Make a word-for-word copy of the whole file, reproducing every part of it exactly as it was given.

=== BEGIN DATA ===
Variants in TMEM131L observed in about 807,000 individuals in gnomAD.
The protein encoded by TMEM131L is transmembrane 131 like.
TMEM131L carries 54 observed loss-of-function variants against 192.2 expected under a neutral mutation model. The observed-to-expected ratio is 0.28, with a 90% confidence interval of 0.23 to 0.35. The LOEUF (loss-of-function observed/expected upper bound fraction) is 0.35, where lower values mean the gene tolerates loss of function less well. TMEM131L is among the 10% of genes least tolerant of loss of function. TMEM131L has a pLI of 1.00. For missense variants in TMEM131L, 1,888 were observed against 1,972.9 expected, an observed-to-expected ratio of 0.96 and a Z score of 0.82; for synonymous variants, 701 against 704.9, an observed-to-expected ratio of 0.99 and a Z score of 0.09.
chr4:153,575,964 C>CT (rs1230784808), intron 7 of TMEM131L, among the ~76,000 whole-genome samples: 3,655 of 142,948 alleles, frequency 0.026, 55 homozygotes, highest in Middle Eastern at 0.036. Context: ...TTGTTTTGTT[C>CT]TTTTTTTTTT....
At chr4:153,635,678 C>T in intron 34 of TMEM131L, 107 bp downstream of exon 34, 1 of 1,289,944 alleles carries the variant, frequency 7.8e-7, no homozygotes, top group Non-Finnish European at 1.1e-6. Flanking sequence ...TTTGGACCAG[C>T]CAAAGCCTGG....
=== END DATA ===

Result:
Variants in TMEM131L observed in about 807,000 individuals in gnomAD.
The protein encoded by TMEM131L is transmembrane 131 like.
TMEM131L carries 54 observed loss-of-function variants against 192.2 expected under a neutral mutation model. The observed-to-expected ratio is 0.28, with a 90% confidence interval of 0.23 to 0.35. The LOEUF (loss-of-function observed/expected upper bound fraction) is 0.35, where lower values mean the gene tolerates loss of function less well. TMEM131L is among the 10% of genes least tolerant of loss of function. TMEM131L has a pLI of 1.00. For missense variants in TMEM131L, 1,888 were observed against 1,972.9 expected, an observed-to-expected ratio of 0.96 and a Z score of 0.82; for synonymous variants, 701 against 704.9, an observed-to-expected ratio of 0.99 and a Z score of 0.09.
chr4:153,575,964 C>CT (rs1230784808), intron 7 of TMEM131L, among the ~76,000 whole-genome samples: 3,655 of 142,948 alleles, frequency 0.026, 55 homozygotes, highest in Middle Eastern at 0.036. Context: ...TTGTTTTGTT[C>CT]TTTTTTTTTT....
At chr4:153,635,678 C>T in intron 34 of TMEM131L, 107 bp downstream of exon 34, 1 of 1,289,944 alleles carries the variant, frequency 7.8e-7, no homozygotes, top group Non-Finnish European at 1.1e-6. Flanking sequence ...TTTGGACCAG[C>T]CAAAGCCTGG....